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A collaboration over too much coffee.
coffee and pen

12 January, 2005

Not Just First Love

The rain created beautiful patterns while cascading down the large window- pane. It also warped his visibility a bit. He stood with his hand on the window frame. It looked almost like he was greeting someone or waving goodbye.

“The rains had come on time that year too. Our parents introduced us. They worked at the same office. She was eleven or ten, am not too sure, I was six months younger. Her family had moved from Calcutta. Big-city girl she was.
Ahmedabad, for me, was the big city where there were fly-overs and city run transport and far-flung places and people spoke a different language. We had moved from Jaipur a few months ago.
She could cycle, climb trees, she ran faster than all the boys did, dunk everybody in the pool and laugh loudly. A show off but completely adorable. We hung out quite a bit, tied together with age and the fact that this was pre-television. Fishing in the river, cycling on a deserted airstrip, watching movies at the open-air theatre, plucking weeds at the graveyard, Loads of memories until I was twelve.
Then dad moved to Gandhinagar, which was a different city but half hour away. Her parents retired and made Ahmedabad their home. We would bump into each other occasionally at the club. I think I met her once when I was fifteen for her birthday. She had many other friends now.
At eighteen, I dropped out of the business degree programme in Jaipur and moved back to an undergrad degree in English literature in Ahmedabad. Kay was in the same college but now a senior by twoyears.
I do not think we spoke much, we were somewhat familiar, smiled and said our 'hi’s and bye’s'. She would hardly attend college. She had a boy friend!
Then we heard stories of her and her boy friend…they went for a holiday and came back married.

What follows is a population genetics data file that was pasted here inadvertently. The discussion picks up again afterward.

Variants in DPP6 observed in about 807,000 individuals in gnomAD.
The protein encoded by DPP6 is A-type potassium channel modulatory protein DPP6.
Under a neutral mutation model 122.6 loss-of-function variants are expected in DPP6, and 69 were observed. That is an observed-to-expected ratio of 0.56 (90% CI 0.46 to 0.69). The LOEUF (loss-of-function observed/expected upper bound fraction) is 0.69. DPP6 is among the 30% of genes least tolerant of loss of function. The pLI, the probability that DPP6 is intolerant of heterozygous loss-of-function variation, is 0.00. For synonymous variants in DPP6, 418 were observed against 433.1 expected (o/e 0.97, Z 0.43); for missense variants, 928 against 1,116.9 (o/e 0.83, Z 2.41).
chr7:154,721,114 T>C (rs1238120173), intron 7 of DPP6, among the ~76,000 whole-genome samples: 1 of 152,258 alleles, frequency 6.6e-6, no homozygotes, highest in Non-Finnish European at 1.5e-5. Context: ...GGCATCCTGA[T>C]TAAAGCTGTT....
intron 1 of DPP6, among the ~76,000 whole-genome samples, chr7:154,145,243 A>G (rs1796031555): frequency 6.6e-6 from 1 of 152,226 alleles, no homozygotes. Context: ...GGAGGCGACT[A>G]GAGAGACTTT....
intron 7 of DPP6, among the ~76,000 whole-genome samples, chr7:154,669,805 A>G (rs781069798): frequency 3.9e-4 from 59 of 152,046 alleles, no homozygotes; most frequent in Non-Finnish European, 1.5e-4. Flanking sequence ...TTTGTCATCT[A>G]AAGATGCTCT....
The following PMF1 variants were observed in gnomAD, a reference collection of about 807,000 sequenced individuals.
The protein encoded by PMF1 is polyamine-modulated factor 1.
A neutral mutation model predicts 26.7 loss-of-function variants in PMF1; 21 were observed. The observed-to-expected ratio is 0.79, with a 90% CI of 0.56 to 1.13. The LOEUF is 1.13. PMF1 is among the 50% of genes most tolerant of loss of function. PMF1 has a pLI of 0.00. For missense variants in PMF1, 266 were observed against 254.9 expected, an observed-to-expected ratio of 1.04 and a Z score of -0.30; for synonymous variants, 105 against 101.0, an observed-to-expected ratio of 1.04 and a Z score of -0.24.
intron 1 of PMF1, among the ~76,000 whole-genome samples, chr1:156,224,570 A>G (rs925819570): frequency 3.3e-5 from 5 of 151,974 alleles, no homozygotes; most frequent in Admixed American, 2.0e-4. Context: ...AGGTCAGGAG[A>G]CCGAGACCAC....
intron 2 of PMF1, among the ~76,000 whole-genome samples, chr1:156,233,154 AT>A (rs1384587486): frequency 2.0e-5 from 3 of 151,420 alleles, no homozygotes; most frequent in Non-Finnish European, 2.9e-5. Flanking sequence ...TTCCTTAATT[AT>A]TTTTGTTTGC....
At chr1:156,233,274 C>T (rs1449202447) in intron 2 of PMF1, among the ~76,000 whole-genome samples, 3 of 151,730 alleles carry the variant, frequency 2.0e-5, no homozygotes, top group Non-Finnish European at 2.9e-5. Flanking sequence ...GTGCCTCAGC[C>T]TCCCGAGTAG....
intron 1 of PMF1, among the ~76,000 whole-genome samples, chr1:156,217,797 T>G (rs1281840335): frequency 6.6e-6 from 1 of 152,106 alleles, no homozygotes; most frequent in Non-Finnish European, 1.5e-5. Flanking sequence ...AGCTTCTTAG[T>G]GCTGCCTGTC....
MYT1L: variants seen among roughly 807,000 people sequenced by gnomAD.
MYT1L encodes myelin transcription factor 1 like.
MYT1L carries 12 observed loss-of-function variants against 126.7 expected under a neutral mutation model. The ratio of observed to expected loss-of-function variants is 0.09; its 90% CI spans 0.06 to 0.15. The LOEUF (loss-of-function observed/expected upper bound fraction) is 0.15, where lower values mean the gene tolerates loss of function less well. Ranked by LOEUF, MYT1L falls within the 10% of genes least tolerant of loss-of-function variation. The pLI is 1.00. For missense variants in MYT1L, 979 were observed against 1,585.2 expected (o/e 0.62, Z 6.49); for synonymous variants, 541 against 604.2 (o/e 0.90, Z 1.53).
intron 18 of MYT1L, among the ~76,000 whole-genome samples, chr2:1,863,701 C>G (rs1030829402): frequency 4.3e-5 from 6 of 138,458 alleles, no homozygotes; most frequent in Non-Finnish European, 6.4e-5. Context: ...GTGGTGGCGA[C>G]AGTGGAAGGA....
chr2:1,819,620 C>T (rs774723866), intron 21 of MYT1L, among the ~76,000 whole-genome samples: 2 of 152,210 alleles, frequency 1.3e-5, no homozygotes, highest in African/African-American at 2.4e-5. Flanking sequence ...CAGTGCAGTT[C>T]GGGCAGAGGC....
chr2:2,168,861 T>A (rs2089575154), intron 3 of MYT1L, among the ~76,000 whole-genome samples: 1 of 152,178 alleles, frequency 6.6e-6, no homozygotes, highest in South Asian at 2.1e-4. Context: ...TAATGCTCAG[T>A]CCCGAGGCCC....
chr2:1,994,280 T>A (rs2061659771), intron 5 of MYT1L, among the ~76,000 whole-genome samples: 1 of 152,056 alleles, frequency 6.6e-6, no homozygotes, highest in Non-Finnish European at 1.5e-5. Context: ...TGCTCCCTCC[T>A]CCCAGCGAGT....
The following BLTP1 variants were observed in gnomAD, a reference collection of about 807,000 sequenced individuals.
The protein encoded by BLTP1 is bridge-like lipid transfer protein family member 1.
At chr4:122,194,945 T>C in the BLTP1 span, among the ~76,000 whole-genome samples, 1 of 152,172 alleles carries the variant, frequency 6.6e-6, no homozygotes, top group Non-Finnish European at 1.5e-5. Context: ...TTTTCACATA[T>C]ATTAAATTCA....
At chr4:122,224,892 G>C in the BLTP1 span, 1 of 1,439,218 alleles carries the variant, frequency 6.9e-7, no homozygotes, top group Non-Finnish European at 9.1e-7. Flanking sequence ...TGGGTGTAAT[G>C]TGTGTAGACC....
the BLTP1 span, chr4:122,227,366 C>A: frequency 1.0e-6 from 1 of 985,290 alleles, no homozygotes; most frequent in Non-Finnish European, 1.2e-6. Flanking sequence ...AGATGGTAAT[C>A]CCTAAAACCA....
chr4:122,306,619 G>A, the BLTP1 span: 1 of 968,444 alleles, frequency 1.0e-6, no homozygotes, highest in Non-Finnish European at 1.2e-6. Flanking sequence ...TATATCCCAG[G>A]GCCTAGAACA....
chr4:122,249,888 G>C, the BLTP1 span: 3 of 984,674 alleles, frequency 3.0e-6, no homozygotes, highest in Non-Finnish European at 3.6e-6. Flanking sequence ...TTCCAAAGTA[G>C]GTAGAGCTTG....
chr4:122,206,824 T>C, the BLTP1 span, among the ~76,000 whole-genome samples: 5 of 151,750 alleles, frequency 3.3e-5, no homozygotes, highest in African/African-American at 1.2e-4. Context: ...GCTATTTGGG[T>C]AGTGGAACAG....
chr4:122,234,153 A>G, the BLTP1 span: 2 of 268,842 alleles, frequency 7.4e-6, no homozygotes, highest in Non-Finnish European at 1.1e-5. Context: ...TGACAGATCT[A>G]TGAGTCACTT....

A year later, there was a baby! I remember bumping into her at the video library. Then there was another baby! By then I was doing part time jobs and was working on my master’s degree. Soon after that I moved to Bombay.
We lost touch.
A decade went by making us into adults slowly but surely. Occasionally, I heard from a passing friend, sometimes I inquired. She was in Africa, she was a farmer…her dad had passed away…she had separated from her husband…stories. I had gone on to become a filmmaker, had gotten married bought a house gotten separated…stories.

Then one day, in a conversation between friends from the city of our childhood all logging in from different cities, we met again.
Jesus! Did we flirt that day! We had known each other all our lives but still not known each other. There was so much to share, so much to tell. Faces from childhood, friends you hung out with, and then twenty years later one fine day you meet up!

I picked her up from the airport two weeks later.

She was almost the same twelve year old I knew, but now thirty-six. We chatted for hours! Terribly drunk we then sat with our legs dangling out of the seventh floor window and saw the rain by moonlight. Then we made love until morning. The next morning we left for Goa.
We were there for four days I think.
We drank from the bottle, drank from the sea, from the air, from each other, from past stories, from dreams yet to fulfil, from the time we live in and from the moment. I love her little depressions and love her laugh.
Gosh! She is loud!
There is so much fun in there; she really lives for the moment.
Does she ever worry?
Does she ever throw caution to the winds?
Does she have dark secrets, which she had not yet told me?
Questions, like sand particles, stick.”

The rain was coming down quite heavily now. He moved away from the window. I think he had been crying. “Memories like leaves change leaving the tree with rings which we count for age. She is gone now. It has been a while. She could be at the same traffic intersection and I would not even know.” He settled down heavily in the leather couch and reached for the whisky. I left the way I had come in.

© Arjun Chandramohan Bali.2005.


Blogger a from l said...

Very moving, nice creation of mood and introspection.

12 January, 2005 15:04  
Blogger manisha lakhe said...

perdoneme senor b...but two things really bug me about this piece that otheriwse manages to give one the nostalgia rush. one, the math: so you did not know how old she was, but you know she's six months older than you, and you know how old you were...aaarrrgghh! And the sentence that about did she ever throw caution to the wind...looks like she did!

12 January, 2005 17:20  
Blogger bikkuri-bako said...

ah! do not jump to conclusion on the identity of the person.
did i say what the age of the person narrating was? whatever it was: she was six months older.
and then: caution??? glad you read it...carefully!
thank you madame

12 January, 2005 18:32  
Blogger Anil said...

Two things I like, the ambiguity of the narrator-protagonist and the suffused wistfulness throughout the story.

13 January, 2005 00:12  

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